World Magazine
April 6 2014

No more Turkish delight

Turkey | The hope for Turkey as an anti-Sharia beacon for the Muslim
world is fading quickly

By Marvin Olasky

For most of the 20th century Turkey was the great hope for yanking the
Muslim world out of Sharia law. Mustafa Kemal, Turkey's 1920s-1930s
autocrat, took as a new last name Ataturk, which means "father of
Turkey"--and he truly was the progenitor of a country that kept
Islamists at bay. His secularist vision, with the assistance of
Turkey's army, stayed dominant until 2002.

Just before April Fools' Day, though, two developments--one political,
one military--dashed the slight hope that remains. The political story
began 12 years ago when Recip Tayyip Erdogan's Justice and Development
Party (AKP) took power not on an overt Islamist program but an
anti-corruption one. Prime Minister Erdogan since then has used salami
tactics--one slice at a time--to cut out the Ataturk legacy and edge
back toward traditional Islam's union of mosque and state.

Erdogan's administration has also displayed the cronyism that he
deplored when in opposition, and some secularists predicted that
elections on March 30 would curtail the prime minister's power.
Exactly the opposite happened: The AKP won big, and Erdogan is now
likely to become Turkey's first directly elected president this
summer, a triumph that would allow him to rule for another decade and
stomp on the little bit of religious liberty that remains.

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The military development also reflects Turkey's growing Islamism, and
it has international implications. Syrians in the northwestern part of
their country reported at the end of March that jihadist rebels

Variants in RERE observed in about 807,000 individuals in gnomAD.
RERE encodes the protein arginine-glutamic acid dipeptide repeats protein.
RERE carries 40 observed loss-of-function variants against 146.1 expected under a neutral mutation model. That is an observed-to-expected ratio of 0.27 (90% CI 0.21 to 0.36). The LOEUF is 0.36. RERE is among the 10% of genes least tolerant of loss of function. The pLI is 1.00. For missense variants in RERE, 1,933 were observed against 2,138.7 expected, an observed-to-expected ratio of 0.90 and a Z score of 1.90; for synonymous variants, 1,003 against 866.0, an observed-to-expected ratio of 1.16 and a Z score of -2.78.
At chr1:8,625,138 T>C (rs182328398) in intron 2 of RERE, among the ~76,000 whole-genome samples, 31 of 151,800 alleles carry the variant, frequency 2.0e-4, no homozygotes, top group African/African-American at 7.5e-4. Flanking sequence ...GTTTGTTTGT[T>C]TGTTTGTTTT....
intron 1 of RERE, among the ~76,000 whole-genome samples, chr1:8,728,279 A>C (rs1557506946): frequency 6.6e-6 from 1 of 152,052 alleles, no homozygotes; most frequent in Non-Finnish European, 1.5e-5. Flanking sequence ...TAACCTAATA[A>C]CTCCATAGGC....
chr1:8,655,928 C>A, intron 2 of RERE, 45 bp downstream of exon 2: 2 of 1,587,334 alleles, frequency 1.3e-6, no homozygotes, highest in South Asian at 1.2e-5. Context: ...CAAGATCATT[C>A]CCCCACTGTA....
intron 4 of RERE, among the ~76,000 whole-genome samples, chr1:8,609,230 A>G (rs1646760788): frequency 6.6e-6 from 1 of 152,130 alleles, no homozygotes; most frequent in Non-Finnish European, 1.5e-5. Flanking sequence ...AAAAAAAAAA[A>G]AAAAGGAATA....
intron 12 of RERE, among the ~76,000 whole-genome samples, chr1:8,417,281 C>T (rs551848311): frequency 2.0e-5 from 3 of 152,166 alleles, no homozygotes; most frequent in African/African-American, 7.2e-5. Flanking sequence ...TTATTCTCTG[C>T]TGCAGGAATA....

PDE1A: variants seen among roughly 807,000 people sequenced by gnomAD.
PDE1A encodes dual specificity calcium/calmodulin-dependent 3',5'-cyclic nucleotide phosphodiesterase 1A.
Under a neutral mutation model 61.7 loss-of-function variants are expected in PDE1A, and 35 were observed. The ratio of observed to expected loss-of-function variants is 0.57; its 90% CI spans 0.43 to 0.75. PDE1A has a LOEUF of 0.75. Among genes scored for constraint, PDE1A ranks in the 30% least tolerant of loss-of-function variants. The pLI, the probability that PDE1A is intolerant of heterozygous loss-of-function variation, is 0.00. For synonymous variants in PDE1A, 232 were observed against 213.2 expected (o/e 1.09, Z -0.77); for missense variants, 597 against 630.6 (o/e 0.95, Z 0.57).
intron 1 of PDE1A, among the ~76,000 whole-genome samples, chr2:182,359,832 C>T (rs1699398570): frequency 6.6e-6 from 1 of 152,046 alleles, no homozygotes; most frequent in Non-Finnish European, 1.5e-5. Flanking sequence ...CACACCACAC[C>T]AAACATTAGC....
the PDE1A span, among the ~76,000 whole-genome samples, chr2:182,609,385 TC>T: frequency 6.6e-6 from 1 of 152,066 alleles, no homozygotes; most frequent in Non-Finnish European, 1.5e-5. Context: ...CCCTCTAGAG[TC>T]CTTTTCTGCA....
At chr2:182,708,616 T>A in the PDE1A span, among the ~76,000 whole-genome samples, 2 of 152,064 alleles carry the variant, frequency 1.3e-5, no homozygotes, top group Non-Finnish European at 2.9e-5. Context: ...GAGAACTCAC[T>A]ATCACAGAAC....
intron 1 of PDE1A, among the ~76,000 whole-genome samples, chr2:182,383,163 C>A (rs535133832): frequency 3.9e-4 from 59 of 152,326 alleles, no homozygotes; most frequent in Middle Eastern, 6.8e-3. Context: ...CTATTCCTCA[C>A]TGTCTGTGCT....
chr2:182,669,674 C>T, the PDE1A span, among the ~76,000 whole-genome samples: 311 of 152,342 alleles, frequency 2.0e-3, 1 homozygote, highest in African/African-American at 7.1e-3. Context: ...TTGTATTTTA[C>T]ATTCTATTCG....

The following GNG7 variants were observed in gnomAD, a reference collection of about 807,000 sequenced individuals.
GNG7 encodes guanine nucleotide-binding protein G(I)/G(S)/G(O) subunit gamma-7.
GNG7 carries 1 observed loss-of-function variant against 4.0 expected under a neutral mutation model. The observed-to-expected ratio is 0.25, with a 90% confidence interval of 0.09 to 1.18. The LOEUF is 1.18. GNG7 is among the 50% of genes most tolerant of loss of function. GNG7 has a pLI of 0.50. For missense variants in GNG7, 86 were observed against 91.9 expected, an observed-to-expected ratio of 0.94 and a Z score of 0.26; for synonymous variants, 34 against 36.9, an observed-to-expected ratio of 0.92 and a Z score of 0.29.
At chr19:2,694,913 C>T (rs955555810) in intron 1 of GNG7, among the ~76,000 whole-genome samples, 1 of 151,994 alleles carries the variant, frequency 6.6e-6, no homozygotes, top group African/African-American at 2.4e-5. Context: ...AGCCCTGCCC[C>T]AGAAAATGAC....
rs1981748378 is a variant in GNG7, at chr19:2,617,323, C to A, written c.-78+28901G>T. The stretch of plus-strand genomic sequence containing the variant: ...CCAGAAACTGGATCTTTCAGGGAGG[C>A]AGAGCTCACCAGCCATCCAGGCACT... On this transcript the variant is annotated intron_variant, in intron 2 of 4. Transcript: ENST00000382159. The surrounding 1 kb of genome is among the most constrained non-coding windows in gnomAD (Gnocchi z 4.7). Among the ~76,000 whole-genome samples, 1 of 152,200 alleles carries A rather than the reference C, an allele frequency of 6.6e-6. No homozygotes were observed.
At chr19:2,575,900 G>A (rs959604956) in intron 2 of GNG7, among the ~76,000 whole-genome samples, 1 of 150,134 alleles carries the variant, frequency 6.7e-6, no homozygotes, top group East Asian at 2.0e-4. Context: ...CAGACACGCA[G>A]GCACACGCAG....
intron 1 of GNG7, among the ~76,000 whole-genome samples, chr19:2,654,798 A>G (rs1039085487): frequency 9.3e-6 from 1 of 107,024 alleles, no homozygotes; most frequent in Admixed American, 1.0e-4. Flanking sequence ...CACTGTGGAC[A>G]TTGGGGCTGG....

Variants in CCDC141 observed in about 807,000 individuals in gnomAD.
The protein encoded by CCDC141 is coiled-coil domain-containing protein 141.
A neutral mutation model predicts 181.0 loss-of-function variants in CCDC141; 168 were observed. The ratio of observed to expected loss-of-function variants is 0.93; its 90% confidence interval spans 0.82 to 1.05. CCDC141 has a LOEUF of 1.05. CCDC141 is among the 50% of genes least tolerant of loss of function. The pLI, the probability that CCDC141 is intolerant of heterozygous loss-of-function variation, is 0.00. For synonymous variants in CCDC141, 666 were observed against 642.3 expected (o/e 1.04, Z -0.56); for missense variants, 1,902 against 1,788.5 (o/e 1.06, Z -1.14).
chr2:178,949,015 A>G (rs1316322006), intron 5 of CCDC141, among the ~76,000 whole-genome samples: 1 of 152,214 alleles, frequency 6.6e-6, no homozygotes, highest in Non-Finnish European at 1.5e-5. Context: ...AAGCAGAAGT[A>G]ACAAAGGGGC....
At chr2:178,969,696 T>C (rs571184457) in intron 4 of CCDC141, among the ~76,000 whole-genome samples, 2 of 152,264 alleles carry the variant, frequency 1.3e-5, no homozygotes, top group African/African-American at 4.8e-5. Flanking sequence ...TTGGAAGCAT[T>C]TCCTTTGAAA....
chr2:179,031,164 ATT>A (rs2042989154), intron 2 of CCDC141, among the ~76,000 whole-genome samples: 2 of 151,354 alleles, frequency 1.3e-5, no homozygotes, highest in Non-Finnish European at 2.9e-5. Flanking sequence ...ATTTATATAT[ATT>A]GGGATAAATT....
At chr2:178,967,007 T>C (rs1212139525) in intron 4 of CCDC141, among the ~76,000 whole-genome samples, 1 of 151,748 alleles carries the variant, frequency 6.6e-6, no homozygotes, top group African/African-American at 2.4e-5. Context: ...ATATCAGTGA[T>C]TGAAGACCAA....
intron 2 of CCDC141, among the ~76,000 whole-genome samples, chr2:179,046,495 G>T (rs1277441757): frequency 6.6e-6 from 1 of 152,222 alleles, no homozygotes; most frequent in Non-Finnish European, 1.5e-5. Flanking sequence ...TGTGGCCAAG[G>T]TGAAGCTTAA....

fighting the government of Syrian President Bashar al-Assad are
receiving help from Turkish tanks and anti-aircraft fire. The
jihadists attacked villages inhabited by Alawites, the Muslim sect of
the Assad family, and others that are home to Armenian Christians.

Thousands of Christians had to flee, seeking refuge in nearby hills or
the coastal city of Latakia. One pastor told World Watch Monitor about
desecrated churches and pillaged houses. Churches were sheltering 600
families, with local charity groups providing food, mattresses,
blankets, and clothing. "Turkey is hosting jihadis," said a Syrian
Muslim humanitarian worker (name withheld to protect his life). Those
fighters reportedly include Chechens, Tunisians, Turks, and Arabs.

Turkey is a member of NATO, and the United States has a massive air
base at Incirlik, just 130 miles away from the area of border
fighting. Armed military conflict between Turkey and Syria could
severely escalate the Syrian war, forcing a NATO intervention. But
Erdogan seems intent not only on re-Islamizing his own country but
supporting neighboring jihadis.

Time magazine put Mustafa Kemal on its March 24, 1923, cover: He was
the great Muslim hope. In 1924 Kemal said, "The religion of Islam will
be elevated if it will cease to be a political instrument, as had been
the case in the past." In 1925 he declared, "The Turkish republic
cannot be a country of sheiks, dervishes, and disciples." The
following year he closed Islamic courts and created a European-style
penal code.

At the rate Turkey is marching back to its future, the 100th
anniversary of Kemal's directives may bring their complete unwinding.
What's happening in Turkey is part of a long-term trend that might
better be termed an ooze. A decade ago many Americans hoped that a
democratic Iraq would join Turkey in providing liberty and justice for
all. The "Arab Spring" brought similar hopes regarding Egypt. But
ancient traditions backed up by dictatorial religion are hard to
topple, and those forecasting the growth of freedom in Muslim
countries may have to follow those words by saying "April Fools."

--with reporting by Mindy Belz in Beirut; for more on Turkey, see
"Turkey's U-turn" in this issue.